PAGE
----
(Please note that contact information for this website is located on the “About” page. A link to the “About” page is located near the top of the page.)
Some of the large databases of quotations that are readily available online are filled with misinformation. Typically no citations are provided to substantiate attributions.
Here is a small set of useful resources that will guide you in the right direction:
The Yale Book of Quotations (2006) by Fred R. Shapiro, Yale University Press, New Haven.
The Dictionary of Modern Proverbs (2012). Compiled by Charles Clay Doyle, Wolfgang Mieder, and Fred R. Shapiro, Yale University Press, New Haven.
The Quote Verifier (2006) by Ralph Keyes, St Martin’s Griffin, New York.
Brewer’s Famous Quotations (2006) and Cassell’s Humorous Quotations (2001) are valuable reference works that were edited by Nigel Rees who is a top quotation expert and host of a long-running BBC radio program called “Quote… Unquote”. Rees is the author of many works on quotations, anecdotes, catch phrases, epitaphs and other topics. He also publishes an informative newsletter called “Quote… Unquote”.
Oxford Reference Online from Oxford University Press: This subscription service provides access to The Oxford Dictionary of Quotations, The Oxford Dictionary of Scientific Quotations, The Oxford Dictionary of Modern Quotations, and other references. Available via some library gateways.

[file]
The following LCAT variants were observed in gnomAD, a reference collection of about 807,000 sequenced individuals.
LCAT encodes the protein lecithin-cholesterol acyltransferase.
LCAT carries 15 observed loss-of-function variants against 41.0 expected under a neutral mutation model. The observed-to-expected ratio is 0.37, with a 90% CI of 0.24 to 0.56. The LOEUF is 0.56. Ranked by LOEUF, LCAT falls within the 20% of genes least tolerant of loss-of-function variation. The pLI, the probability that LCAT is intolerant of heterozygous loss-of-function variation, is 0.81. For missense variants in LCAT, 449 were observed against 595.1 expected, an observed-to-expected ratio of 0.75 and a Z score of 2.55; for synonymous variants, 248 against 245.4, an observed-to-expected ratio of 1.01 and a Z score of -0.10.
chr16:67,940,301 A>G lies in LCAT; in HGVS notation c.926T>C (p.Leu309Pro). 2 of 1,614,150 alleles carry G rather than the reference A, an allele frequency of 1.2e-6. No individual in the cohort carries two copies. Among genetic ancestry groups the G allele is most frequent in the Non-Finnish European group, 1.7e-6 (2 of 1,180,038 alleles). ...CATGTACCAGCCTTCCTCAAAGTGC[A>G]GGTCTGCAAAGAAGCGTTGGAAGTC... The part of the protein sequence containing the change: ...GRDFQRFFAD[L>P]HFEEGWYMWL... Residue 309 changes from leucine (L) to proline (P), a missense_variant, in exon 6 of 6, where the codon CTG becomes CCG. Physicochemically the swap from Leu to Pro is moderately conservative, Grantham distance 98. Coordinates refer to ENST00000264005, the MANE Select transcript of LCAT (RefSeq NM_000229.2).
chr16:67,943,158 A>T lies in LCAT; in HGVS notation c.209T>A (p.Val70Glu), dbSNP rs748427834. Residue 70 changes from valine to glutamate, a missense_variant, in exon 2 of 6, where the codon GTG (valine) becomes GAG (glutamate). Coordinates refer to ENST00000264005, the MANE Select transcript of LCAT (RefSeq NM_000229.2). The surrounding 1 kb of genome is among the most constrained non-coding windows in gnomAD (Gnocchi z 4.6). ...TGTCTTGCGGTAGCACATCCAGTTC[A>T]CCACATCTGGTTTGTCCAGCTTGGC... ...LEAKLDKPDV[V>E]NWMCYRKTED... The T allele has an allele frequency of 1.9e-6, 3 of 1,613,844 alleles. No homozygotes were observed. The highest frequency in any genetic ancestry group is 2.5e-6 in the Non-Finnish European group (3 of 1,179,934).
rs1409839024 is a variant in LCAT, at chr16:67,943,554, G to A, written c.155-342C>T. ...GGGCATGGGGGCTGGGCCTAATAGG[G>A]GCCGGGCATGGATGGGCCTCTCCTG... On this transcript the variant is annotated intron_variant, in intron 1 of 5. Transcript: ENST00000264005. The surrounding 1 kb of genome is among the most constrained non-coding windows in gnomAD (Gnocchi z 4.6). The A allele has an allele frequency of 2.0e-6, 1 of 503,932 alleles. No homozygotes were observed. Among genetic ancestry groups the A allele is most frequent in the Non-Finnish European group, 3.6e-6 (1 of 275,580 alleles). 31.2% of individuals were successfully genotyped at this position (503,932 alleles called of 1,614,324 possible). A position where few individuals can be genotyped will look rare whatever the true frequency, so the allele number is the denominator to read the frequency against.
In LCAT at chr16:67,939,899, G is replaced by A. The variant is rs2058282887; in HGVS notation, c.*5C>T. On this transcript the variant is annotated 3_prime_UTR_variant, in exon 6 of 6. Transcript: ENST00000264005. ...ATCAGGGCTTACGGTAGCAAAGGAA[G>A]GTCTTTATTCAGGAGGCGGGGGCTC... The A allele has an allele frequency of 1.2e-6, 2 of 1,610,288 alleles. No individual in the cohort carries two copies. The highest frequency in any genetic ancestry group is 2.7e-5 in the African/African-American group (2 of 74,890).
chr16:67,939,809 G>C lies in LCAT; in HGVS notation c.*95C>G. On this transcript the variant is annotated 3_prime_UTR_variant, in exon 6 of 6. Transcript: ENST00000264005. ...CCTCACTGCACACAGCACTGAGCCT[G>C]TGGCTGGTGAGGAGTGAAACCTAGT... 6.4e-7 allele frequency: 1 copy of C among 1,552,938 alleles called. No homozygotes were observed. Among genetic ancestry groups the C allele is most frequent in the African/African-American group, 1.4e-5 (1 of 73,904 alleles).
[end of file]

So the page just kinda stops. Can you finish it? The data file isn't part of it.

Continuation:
Wikiquote, created by volunteer editors using the same crowdsource strategy as Wikipedia: This is a valuable resource worth consulting, but it does occasionally contain errors. Try to double-check the information. If the quote you are looking for is not on the “Main” page then examine the “Talk” page to see if the quote has been mentioned in this discussion section. This may give you some insight into the current status of the quotation.
Sometimes original research is required to trace a quotation. A new generation of valuable massive text databases has been constructed in this century. For example, the Google Books database is enormously useful and access is free. (Access may vary by country.) Items that are still under copyright are usually displayed as snippets and that makes research more complicated.
The Google News Archive is another very helpful database that is provided free. Other worthwhile databases and database companies include: GenealogyBank, Newspapers.com, NewspaperArchive, ProQuest, NewsBank, NewsVault and many others. Access is often restricted and various fees may be charged.